“Strange Fruit” is one of the most haunting songs in American music. It was originally written as a poem by Lewis Allen in 1937 and turned into a popular song by Billie Holiday.
Cape Cod-raised and Boston-based artist Naomi Westwater recently released her own version on all major streaming platforms. Proceeds from downloads of the song at www.naomiwestwater.bandcamp.com will be donated to the National Memorial for Peace and Justice, a national memorial to commemorate the victims of lynchings in the United states.
I spoke with Naomi via email about what this song means to her, what recording it was like and being a performer in the time of social distancing.
LV: Can you recall the first time you heard “Strange Fruit” and the impression it made on you?
NW: I don’t remember the first time I heard “Strange Fruit,” but my first semester at Goucher College, I took an English class, and my professor had us all go to the library and look at historic images of hangings of Black people. The pictures were horrible. I was very disturbed to see them, yet I felt it was really important to witness these events.
LV: What made you decide to cover it?
NW: I’ve been covering “Strange Fruit” for a while now, probably the last 10 years. While I was getting my master’s at Berklee College of Music in Valencia, Spain, I sang the song with the American Roots ensemble directed by Casey Driessen. Having the opportunity to sing the song live reminded me how important it is and that it’s a story that keeps needing to be told because it is still relevant. I recorded the song in 2019 as a part of an EP I’m working on called “Feelings.” All the songs are political, about race, climate change and my endometriosis. “Strange Fruit” just made sense to record.
LV: Your arrangement is really wonderful. How did you go about that, and who did you work with on the track?
NW: Mainly this song is all about the emotion. I can only sing it a few times in the studio because it exhausts me and sometimes makes me cry. I really wanted the song to start out of time. So there’s no rhythm to the first half of the song, so the listener doesn’t know what to expect next. When you make music this way, it really means that everyone has to be working together and listening to each other. I worked with Alex Chacon [electric guitar], Dana Roth [electric bass] and Francis Peña [drums], and I really encouraged them to be eerie with their instruments and do nontraditional things. Then the song builds, it gets louder, and the full drum kit comes in about the time lyrically the metaphor is very clear. The song is uncomfortable and dramatic; it’s powerful, it’s painful; and I wanted the instrumentation to lean into all of that. Dan Babai [engineer] and I worked on the edit and mixed together, and really subtly just leaned into that eerie, creepy feeling. Joe Miller [mastering engineer] was very gentle with the master. I rarely sing jazz anymore, but it was my main focus in college, so I drew on those skills for this song, too.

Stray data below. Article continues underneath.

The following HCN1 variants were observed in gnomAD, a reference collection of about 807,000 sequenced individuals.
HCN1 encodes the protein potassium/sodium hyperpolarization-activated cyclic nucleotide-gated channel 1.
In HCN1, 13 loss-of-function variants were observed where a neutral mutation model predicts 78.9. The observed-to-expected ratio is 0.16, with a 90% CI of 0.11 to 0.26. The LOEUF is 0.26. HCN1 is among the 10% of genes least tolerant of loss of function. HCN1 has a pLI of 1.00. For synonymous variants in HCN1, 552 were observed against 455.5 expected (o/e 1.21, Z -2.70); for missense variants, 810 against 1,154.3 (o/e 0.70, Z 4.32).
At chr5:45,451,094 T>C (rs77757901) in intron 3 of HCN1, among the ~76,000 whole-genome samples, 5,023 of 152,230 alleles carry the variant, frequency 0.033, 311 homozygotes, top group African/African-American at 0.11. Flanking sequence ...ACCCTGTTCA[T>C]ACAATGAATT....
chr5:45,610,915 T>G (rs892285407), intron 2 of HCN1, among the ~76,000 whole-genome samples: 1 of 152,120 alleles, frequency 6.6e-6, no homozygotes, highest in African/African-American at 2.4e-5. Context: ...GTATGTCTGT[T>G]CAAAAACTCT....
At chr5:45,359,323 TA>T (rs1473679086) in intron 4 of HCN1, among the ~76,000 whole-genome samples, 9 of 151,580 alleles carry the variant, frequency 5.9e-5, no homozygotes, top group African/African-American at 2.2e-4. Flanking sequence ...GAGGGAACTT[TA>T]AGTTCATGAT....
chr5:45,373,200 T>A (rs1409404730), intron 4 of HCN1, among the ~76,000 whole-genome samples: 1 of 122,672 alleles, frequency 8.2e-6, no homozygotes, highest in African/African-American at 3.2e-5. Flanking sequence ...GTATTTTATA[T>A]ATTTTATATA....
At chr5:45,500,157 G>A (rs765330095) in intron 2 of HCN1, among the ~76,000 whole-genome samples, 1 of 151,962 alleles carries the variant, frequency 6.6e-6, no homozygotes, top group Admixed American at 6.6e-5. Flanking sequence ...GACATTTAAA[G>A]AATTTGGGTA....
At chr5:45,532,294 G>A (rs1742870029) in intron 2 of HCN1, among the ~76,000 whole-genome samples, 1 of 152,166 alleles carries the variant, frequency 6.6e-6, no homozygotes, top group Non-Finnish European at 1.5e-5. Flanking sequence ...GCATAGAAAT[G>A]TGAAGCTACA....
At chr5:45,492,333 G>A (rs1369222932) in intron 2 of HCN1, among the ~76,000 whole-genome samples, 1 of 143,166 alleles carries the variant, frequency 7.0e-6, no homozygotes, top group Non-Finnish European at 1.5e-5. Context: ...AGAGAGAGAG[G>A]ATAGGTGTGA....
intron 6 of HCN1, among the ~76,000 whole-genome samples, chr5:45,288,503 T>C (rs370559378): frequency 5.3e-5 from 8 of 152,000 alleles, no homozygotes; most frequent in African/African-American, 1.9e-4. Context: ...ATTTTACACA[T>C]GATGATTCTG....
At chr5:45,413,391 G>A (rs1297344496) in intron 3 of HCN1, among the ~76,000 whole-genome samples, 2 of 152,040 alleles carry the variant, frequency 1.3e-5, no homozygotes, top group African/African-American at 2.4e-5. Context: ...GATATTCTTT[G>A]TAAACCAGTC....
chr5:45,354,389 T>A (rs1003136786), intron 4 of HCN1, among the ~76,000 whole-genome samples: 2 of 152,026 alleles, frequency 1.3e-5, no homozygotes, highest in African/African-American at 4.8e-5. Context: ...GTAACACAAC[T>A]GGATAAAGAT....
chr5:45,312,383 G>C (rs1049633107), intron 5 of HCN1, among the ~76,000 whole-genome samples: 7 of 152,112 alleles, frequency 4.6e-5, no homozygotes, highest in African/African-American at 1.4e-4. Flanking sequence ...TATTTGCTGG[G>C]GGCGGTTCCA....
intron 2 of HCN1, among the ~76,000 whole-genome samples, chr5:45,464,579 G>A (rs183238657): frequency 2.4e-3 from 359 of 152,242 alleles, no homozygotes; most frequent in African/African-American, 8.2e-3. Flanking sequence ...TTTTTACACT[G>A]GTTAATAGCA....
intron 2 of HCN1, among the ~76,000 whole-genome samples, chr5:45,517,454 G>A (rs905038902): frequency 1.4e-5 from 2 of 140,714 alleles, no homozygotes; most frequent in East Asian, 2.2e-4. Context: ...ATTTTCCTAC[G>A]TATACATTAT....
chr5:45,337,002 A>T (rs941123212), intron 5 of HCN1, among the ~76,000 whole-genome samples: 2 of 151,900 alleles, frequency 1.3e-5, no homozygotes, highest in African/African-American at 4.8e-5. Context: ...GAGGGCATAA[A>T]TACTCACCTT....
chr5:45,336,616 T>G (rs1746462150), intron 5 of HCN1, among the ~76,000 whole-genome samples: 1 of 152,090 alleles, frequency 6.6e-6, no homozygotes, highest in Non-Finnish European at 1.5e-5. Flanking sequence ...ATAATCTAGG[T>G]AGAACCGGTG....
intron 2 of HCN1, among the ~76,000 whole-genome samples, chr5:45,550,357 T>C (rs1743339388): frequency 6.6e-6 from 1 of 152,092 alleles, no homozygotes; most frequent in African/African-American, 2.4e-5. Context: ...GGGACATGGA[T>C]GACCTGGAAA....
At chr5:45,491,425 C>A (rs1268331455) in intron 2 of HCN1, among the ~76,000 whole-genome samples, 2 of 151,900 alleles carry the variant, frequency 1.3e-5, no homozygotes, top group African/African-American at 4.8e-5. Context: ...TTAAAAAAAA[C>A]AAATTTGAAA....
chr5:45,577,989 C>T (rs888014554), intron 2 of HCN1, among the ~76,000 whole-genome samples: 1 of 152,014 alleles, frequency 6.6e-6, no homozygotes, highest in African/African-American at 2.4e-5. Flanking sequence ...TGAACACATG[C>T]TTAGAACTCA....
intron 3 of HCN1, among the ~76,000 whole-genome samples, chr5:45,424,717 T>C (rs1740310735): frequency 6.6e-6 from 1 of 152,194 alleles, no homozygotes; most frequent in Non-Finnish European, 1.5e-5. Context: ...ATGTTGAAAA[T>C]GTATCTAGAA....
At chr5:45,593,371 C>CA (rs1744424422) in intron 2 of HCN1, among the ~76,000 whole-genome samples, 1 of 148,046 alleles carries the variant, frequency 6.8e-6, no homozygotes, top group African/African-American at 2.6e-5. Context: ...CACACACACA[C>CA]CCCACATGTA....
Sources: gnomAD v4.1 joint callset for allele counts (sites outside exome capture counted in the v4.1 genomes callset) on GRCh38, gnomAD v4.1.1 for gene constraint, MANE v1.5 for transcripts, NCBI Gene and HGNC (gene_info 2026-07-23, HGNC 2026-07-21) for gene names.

LV: Why do you think the song is still relevant today?
NW: There are still Black people being hanged today. So it’s still a very, very relevant song. When you think about lynching, it’s not just a way to murder someone, but it’s a way to terrorize and strike fear in everyone who witnesses it. So much of what the police and our government are doing today are strategic ways to terrorize people. Publicly choking someone to death with your knee and lynching someone from a tree are one in the same.
LV: How has the pandemic affected you as an artist?
NW: The pandemic has really shifted my focus. I haven’t been able to perform much, so I’m not making much money from music. When you take money out of the equation, I can just focus on creation. I’m producing and editing new recordings, writing songs and working on music videos, too. I’m able to collaborate with so many amazing musicians long-distance, which has been very special. However, I’m a very social person, and I spend most of my days by myself, so I feel my motivation to get things done is lower than usual. I’m just trying to be gentle with myself and letting the music come when it comes.
To learn about Ms. Westwater and her music, visit www.naomiwestwater.com.